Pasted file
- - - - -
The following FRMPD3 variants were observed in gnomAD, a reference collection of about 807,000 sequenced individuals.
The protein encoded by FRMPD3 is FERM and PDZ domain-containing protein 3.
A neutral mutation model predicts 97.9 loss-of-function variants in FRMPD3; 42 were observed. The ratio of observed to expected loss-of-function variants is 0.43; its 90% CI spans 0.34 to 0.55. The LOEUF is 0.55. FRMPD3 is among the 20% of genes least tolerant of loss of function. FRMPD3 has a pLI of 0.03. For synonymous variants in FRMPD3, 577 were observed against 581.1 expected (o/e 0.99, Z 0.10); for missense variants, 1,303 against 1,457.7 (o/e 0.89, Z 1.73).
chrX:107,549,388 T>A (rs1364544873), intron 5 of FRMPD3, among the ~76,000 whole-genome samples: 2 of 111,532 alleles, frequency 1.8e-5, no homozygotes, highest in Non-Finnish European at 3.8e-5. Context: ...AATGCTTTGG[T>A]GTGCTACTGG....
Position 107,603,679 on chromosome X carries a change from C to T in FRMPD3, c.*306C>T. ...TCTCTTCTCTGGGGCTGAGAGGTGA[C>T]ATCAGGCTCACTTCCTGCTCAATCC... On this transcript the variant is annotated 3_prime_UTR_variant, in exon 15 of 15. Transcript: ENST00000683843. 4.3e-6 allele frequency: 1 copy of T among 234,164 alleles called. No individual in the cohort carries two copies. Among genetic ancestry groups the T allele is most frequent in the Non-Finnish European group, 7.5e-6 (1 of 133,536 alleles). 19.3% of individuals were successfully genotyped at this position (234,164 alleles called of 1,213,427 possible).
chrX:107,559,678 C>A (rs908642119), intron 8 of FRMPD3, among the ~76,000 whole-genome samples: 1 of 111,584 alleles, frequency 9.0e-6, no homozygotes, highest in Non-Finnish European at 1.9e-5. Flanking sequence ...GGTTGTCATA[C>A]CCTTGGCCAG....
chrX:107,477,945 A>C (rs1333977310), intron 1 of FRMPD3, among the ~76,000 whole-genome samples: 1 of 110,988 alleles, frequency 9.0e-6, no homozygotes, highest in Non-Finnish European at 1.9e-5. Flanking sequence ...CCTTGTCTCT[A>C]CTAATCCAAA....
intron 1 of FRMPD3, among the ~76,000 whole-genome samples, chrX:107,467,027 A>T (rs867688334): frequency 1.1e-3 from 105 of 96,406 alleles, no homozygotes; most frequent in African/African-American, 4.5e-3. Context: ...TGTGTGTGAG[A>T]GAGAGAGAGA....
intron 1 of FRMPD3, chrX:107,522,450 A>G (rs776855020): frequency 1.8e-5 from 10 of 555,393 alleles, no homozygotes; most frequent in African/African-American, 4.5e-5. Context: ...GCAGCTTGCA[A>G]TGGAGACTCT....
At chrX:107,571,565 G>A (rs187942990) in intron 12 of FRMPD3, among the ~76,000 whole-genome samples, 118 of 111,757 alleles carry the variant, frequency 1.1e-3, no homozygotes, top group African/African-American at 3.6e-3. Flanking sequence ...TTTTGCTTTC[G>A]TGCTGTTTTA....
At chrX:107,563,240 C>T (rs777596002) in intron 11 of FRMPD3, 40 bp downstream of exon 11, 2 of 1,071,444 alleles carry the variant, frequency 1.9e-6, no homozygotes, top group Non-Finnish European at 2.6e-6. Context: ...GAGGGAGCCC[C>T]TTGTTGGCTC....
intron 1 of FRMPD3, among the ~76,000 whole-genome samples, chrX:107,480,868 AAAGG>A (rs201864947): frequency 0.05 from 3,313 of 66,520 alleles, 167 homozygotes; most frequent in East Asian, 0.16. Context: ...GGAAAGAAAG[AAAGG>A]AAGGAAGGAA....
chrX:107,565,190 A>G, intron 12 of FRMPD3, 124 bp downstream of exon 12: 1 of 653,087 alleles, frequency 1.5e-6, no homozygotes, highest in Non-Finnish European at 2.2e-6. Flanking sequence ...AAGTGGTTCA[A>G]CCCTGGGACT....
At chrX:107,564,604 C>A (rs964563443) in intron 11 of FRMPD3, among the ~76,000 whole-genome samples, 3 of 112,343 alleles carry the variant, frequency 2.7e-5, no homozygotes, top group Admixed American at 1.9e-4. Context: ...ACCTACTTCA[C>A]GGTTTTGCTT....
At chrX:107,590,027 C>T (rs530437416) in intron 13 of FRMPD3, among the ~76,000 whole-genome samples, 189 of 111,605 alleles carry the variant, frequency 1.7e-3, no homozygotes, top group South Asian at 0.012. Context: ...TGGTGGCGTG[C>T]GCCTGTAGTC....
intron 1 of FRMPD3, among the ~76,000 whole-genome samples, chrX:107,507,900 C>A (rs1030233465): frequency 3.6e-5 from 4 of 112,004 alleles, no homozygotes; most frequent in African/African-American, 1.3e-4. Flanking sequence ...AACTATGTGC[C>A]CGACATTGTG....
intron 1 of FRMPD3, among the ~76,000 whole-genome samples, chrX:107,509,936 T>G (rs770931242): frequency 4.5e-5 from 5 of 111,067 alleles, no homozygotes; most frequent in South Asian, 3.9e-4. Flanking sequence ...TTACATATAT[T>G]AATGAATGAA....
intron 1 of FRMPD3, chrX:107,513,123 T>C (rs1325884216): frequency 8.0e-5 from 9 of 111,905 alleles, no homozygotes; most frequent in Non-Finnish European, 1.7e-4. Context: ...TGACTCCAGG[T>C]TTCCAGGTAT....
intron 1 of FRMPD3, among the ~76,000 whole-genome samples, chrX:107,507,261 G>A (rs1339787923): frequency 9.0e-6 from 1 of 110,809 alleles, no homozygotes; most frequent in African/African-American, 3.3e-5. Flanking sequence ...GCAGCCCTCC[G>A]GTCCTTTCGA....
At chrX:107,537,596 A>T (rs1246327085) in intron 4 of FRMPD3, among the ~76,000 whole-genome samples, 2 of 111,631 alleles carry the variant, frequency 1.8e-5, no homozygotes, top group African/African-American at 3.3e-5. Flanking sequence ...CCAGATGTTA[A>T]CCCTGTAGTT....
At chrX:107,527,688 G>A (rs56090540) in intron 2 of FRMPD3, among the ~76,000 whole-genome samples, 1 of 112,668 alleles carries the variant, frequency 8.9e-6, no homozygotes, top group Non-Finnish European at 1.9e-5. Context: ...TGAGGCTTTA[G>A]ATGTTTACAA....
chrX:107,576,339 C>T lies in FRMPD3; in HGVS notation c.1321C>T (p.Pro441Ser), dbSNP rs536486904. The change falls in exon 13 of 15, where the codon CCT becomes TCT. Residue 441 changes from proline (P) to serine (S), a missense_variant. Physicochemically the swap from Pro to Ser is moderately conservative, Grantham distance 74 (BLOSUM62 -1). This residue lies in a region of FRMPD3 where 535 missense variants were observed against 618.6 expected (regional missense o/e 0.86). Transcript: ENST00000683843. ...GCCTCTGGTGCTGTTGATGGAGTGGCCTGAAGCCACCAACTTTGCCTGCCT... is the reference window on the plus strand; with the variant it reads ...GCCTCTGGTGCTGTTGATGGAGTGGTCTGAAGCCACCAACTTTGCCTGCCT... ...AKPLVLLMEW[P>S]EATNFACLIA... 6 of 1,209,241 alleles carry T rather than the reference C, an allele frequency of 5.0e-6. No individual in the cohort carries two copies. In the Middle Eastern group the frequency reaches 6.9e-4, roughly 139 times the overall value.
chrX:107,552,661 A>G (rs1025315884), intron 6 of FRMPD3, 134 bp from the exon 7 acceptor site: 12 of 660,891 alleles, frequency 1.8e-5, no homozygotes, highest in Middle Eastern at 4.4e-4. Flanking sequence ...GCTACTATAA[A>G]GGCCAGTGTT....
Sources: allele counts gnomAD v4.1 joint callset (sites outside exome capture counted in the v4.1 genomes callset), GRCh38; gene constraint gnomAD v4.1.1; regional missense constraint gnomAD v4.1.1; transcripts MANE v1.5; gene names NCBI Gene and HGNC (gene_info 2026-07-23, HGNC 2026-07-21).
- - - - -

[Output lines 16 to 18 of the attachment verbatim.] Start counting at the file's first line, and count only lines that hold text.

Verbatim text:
intron 1 of FRMPD3, among the ~76,000 whole-genome samples, chrX:107,507,900 C>A (rs1030233465): frequency 3.6e-5 from 4 of 112,004 alleles, no homozygotes; most frequent in African/African-American, 1.3e-4. Flanking sequence ...AACTATGTGC[C>A]CGACATTGTG....
intron 1 of FRMPD3, among the ~76,000 whole-genome samples, chrX:107,509,936 T>G (rs770931242): frequency 4.5e-5 from 5 of 111,067 alleles, no homozygotes; most frequent in South Asian, 3.9e-4. Flanking sequence ...TTACATATAT[T>G]AATGAATGAA....
intron 1 of FRMPD3, chrX:107,513,123 T>C (rs1325884216): frequency 8.0e-5 from 9 of 111,905 alleles, no homozygotes; most frequent in Non-Finnish European, 1.7e-4. Context: ...TGACTCCAGG[T>C]TTCCAGGTAT....